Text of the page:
A Bramlage Coliseum Transformation

On Saturday, the basketball court was nowhere to be seen, yet the following afternoon, it was back on the floor ready for the Wildcats to compete.
Along with the court, the basketball goals, score tables and media seating were all replaced with staging and curtains necessary for commencement. Nearly 500 chairs were set up on the floor of the arena for the K-State graduates and even an organ was brought in for the day
So how does it happen? How does a transformation like that - a basketball arena turned into a graduation celebration then back to a basketball arena - happen literally overnight? 
Well, it is quite the process.
The work began a few days before graduation. A crew of nearly 30 people - mainly student grounds and maintenance workers - showed up ready to get to work. 
"Wednesday (Dec. 10) at 6 p.m., we brought in our crew and we had to take everything apart," began K-State Athletics Facility Specialist and Bramlage Equipment Operator Michael Barton. "We took the goals down and stored them. We had to take down all the chairs and then we had to take apart the court."
Barton explained the court is taken apart by his crew, stacked on carts and stored in a storage room in the Bramlage Coliseum tunnel. While the court may appear as one big piece to a fan watching a basketball game, it is much more. The court is broken down into roughly 300 four-foot by eight-foot sheets (with some half sheets, Barton said) weighing about 200 pounds each.
Curtis Brown, a K-State senior in economics who has been a student worker for the K-State grounds and maintenance staff for two years, said he didn't realize what went into the Bramlage transformation before he worked with the team. 
"My older brother also worked with the grounds crew, and he would tell me that they would have to take out the court," explained Brown who's brother, Jared, graduated K-State in 2013. "When he would tell me that, I had no idea that it was in those big pieces. I didn't know how it was all put together like that, because when you're in the crowd you look at it as a full piece. You don't notice the lines. I think a lot of people don't realize it's that many individual pieces."
Along with taking out the court before graduation, the group had to hang up the curtains - a more tasking job than one might think.
"We bring in these trusses, and they hang from the rafters," explained Calvin Schneider, a senior in financing and a student supervisor for the K-State baseball grounds staff. "Then we have to tie these big black curtains to them that go across the stage and the court. There are probably 20 big, heavy curtains that we have to hang, so that's a long process, too."
A three-year worker for the grounds and maintenance staff, Schneider has spent his fair share of evenings in Bramlage Coliseum taking the court in and out and hanging up curtains whether it is for graduation ceremonies or special events in the arena.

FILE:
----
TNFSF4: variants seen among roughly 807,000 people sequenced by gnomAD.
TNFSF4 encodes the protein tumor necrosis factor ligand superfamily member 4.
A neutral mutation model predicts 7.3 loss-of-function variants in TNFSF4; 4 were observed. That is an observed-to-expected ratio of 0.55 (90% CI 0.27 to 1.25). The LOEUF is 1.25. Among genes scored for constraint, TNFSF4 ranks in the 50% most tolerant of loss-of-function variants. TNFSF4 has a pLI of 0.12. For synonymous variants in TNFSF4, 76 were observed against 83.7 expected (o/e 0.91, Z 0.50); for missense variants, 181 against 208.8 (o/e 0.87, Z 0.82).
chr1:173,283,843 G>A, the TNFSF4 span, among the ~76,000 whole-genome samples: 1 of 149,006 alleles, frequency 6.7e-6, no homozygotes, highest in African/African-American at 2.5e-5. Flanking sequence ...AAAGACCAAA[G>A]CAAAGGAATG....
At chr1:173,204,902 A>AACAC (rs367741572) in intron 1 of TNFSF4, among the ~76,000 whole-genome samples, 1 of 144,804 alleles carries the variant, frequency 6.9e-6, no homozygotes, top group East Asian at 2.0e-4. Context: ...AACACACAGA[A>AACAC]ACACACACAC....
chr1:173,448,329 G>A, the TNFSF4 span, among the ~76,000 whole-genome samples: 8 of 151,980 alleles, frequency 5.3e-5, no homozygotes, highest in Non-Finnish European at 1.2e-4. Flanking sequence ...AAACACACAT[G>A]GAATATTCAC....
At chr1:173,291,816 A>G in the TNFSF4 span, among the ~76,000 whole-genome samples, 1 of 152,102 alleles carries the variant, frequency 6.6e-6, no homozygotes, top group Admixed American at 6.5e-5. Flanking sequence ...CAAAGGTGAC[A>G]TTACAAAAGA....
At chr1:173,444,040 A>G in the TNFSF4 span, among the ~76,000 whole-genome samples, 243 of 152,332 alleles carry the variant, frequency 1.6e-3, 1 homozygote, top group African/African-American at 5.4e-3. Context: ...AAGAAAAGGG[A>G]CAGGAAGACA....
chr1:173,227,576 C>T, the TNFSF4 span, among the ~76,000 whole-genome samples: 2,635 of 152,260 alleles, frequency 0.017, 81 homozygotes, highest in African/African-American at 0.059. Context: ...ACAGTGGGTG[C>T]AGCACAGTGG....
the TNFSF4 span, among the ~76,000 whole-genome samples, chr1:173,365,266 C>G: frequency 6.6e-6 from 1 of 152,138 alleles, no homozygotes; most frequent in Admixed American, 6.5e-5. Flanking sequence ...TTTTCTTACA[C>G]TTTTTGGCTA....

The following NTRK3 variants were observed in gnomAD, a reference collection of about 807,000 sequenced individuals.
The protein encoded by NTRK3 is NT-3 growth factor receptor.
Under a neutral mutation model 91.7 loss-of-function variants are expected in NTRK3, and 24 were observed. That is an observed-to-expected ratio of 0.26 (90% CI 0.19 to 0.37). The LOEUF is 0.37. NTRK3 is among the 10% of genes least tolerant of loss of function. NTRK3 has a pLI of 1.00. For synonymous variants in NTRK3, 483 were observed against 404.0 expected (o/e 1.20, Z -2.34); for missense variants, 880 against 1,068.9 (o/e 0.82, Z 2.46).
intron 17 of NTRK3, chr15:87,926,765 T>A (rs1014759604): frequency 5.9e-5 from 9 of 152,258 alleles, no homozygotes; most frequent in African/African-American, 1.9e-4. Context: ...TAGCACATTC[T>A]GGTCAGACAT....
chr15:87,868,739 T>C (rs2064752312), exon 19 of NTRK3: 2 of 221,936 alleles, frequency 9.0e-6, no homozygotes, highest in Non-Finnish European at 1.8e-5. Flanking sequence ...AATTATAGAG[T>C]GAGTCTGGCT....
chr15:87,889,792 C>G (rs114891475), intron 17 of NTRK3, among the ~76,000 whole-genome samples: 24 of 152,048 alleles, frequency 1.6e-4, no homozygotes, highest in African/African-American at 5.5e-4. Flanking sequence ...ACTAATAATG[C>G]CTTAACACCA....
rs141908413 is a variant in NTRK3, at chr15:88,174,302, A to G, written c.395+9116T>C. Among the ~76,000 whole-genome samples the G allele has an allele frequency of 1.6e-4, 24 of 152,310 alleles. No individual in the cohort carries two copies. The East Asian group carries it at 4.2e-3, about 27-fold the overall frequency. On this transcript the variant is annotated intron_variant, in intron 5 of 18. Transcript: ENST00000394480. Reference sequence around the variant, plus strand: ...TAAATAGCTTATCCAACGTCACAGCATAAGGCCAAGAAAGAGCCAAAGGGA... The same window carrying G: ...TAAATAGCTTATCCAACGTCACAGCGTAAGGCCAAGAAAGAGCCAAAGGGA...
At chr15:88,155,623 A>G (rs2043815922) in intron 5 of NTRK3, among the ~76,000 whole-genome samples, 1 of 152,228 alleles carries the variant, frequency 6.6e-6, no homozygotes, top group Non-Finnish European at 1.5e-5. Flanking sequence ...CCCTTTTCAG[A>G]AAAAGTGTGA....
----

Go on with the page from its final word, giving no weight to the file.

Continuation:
"It's definitely a physically tasking job, and it can be mentally tasking, too, because usually we're working at awkward times," Schneider explained. "You'll come in after a basketball game or, like for graduation, we'll start at maybe 6 p.m., and not get done until almost 12:30 a.m.
"But we have a lot of people who can do a lot of different things and that makes things pretty fluid. We have a lot of experience on our staff, a lot of people who have been doing this for a while, so there doesn't have to be a lot of explanation. People just show up and get to work, we all know what needs to be done."
While the job is tasking and can take quite some time, having the opportunity to work more time at odd hours gives students and K-State staffers the chance to clock a few extra hours. 
"It's always nice to make the extra hours," said Brown. "During school, from 8 a.m., to 5 p.m., I have a pretty set schedule with classes and everything, and I can't always work a lot of hours. So, on weeks that we put in or take out the court, I can get those extra hours."
Barton said the opportunity to transform Bramlage and work a few hours is open to all K-State athletics' staff.
"We have a stagehand call list, but the majority of the workers are the baseball maintenance students," explained Barton. "We do get a few event staffers, ushers and security guys who want the extra hours, so they come in and help also."
From wiring and rewiring the score tables and basketball hoops to folding tables and chairs to stacking and removing the floor, while the transformation of Bramlage Coliseum from one event to the next may be a tough job, it is also a rewarding job when, at the end, the crew sees its hard work brought to life while K-Staters enjoy the numerous events of Bramlage Coliseum. 
"The show has to go on - basketball needs to be played and whatever event is happening in Bramlage, we make sure it's ready," said Schneider. "There are definitely a lot of little things that people don't notice, but it all gets done and it's always ready the next day."
*To view the complete photo gallery of the K-State Grounds and Maintenance staff working in Bramlage Coliseum, please click here.
K-State's Grounds and Maintenance staff assembles the basketball court at Bramlage Coliseum in Manhattan, Kansas on December 13, 2014. (Scott D. Weaver/K-State Athletics)
K-State's Grounds and Maintenance staff assembles the basketball court at Bramlage Coliseum in Manhattan, Kansas on December 13, 2014. (Scott D. Weaver/K-State Athletics)
 
 
 

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